1. Admonishing people for not recycling.

I mean, Brooklyn does recycle and most people take it seriously. But when you are living in a city oozing with residents who have long been comfortable with walking through piles of garbage on their way to just about anywhere, picking on someone for throwing a plastic bottle in the overflowing trash instead of the overflowing recycling bin seems pointless.

2. Loving animals within city limits.

Yes, animals are beautiful and important and we ought to do more to protect the environment that we share with them, but they need to get the fuck out of our cities. Once I moved to Brooklyn, I realized that animals and human beings on a large scale should not coexist — they just contribute to the “sidewalk feces problem” that we have to clean up. In Portland, seeing deer on my driveway was comforting because it helped me feel closer to nature. In Brooklyn, seeing a dead rabbit in a cemetery was a reminder that we lost the privilege of being part of nature a long time ago.

3. Wearing shorts and/or sandals anywhere.

My first big job interview in Portland was conducted by the company owner who was wearing Tevas. In 2015. Something that Brooklynites understand is that clothes are meant to protect you, whether from the fierce judgment of your peers or the toxic sludge you stepped in underneath the el train on your way to work.

4. Standing by my “healthy” smoking habits.

Oh Portland, your care of your bodies means that you really don’t like smoking tobacco all that much. And good for you! Really, keep at it. In the meantime, Brooklynites are desperately trying to find an eighth of weed for less than sixty bucks that isn’t brown/mostly seeds and stems. It’s a hard life for a pothead in these parts, so pardon us if we sprinkle some rolling tobacco in our joints.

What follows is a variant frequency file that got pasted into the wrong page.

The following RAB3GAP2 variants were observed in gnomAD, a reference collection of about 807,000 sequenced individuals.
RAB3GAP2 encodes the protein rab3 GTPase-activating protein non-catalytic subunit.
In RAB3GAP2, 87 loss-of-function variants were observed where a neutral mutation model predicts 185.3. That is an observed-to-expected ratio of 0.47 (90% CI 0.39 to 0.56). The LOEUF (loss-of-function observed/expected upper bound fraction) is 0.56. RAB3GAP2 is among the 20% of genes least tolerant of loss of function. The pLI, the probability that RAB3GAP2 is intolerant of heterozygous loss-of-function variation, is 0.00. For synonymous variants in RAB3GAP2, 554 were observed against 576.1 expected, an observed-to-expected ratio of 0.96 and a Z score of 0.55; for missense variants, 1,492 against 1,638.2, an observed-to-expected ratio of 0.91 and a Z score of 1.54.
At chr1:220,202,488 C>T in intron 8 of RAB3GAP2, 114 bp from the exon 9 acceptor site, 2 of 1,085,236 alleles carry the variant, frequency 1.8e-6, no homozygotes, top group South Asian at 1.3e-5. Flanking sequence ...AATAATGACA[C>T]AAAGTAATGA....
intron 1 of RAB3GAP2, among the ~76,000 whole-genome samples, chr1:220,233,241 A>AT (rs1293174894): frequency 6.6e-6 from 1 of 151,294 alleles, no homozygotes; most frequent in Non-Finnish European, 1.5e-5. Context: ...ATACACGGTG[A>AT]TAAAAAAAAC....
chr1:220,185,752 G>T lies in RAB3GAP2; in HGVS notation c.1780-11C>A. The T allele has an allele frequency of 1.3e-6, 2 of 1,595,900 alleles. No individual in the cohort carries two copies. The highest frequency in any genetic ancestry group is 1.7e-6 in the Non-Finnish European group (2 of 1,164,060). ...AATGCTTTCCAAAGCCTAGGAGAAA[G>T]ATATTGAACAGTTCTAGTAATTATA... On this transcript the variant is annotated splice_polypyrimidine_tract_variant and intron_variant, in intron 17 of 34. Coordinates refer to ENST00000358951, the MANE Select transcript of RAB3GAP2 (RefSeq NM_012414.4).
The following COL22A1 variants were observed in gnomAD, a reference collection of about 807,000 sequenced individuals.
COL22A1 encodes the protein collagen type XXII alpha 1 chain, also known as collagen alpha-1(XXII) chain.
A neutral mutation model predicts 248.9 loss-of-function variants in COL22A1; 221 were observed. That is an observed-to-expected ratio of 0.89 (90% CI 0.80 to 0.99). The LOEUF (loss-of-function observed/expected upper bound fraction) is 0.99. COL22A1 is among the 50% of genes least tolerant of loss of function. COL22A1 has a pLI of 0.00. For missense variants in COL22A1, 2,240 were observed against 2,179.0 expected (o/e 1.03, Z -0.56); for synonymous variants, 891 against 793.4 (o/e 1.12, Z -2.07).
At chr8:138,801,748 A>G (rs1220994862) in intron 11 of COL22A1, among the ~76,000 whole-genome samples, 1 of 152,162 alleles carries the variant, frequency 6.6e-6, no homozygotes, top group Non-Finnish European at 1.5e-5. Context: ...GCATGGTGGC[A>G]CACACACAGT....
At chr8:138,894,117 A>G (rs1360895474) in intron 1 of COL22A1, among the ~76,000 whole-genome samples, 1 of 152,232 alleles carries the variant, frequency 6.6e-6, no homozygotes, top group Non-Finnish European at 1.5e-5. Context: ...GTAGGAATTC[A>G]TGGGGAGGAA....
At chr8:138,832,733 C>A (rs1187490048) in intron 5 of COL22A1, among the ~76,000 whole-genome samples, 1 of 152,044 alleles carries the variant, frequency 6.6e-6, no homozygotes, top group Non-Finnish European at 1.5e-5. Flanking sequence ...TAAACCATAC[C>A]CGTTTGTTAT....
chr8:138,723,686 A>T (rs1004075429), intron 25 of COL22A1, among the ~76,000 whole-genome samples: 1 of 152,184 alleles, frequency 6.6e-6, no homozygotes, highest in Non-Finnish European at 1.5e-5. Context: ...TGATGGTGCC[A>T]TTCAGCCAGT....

5. Being afraid of strangers.

Granted, nobody is a stranger in Portland… so it isn’t that I was really afraid of strangers before I left as much as I was completely unexposed to them. In Brooklyn, where “Spanish”, “Hebrew” and “Polish” are still used on many store signs, you have to embrace the reality that your neighborhood is a community shared by many different cultural and racial identities (something the whole of Oregon could, frankly, learn a thing or two about). To live in Brooklyn is to realize that not everyone is like you, very few of them care to pretend to be like you, and you simply have to deal with it.

 6. Dancing like a complete jackass.

Growing up white in “the most racist city in the US”, dancing was not something I was very good at before living in Brooklyn. But you just can’t make too many friends in Brooklyn without being able to throw down some merengue, New York-style salsa, or Brooklyn hip-hop moves (and while you’re at it, learn how to do the Jewish Bottle Dance and you’ll be golden).

7. Being straight-up addicted to nature.

Portland is the home to some of the best outdoor activities you could ask for. I can’t count the number of times I went biking, hiking, kayaking or climbing when I was a kid — during which my parents were always eager to remind me just how special it was to be able to do so. When I moved to Brooklyn, I quickly realized that such natural splendors are few and far between. But what was lost in trees and rivers was made up for in parks, museums and some of the most beautiful architectural neighborhoods in the country — so I learned to love these “urban substitutes” instead.

8. Opting for anything “artisanal.”

I mean, Whole Food’s hilarious attempt to try to sell 6-dollar “asparagus water” wasn’t the first time I started questioning the current health fads of F-T-T and gluten intolerant veganism. In Brooklyn, it is pretty clear that more often than not, the “artisanal” eating option is really just an attempt to screw you into buying a cheap product that you could easily make at home. So I don’t buy it, and instead use my Portland habit of “cooking for myself” to, well, cook it for myself.

9. Being excited over new restaurants and bars.

Anyone who remembers Portland ca. pre-2005 (before both the Pearl existed and anyone ever considered drinking on the East side), has good reason to be excited about that new tapas restaurant next to the authentic pupuseria… but it is almost taboo to be excited over new things in Brooklyn. This is mostly due to the knowledge that for every new froyo spot and café, a ma and pop that was probably loved by locals for decades was forced to close its doors. Fatalism is easily the most common attitude encountered in Brooklyn these days, and this is coming from a guy who has only here for three years.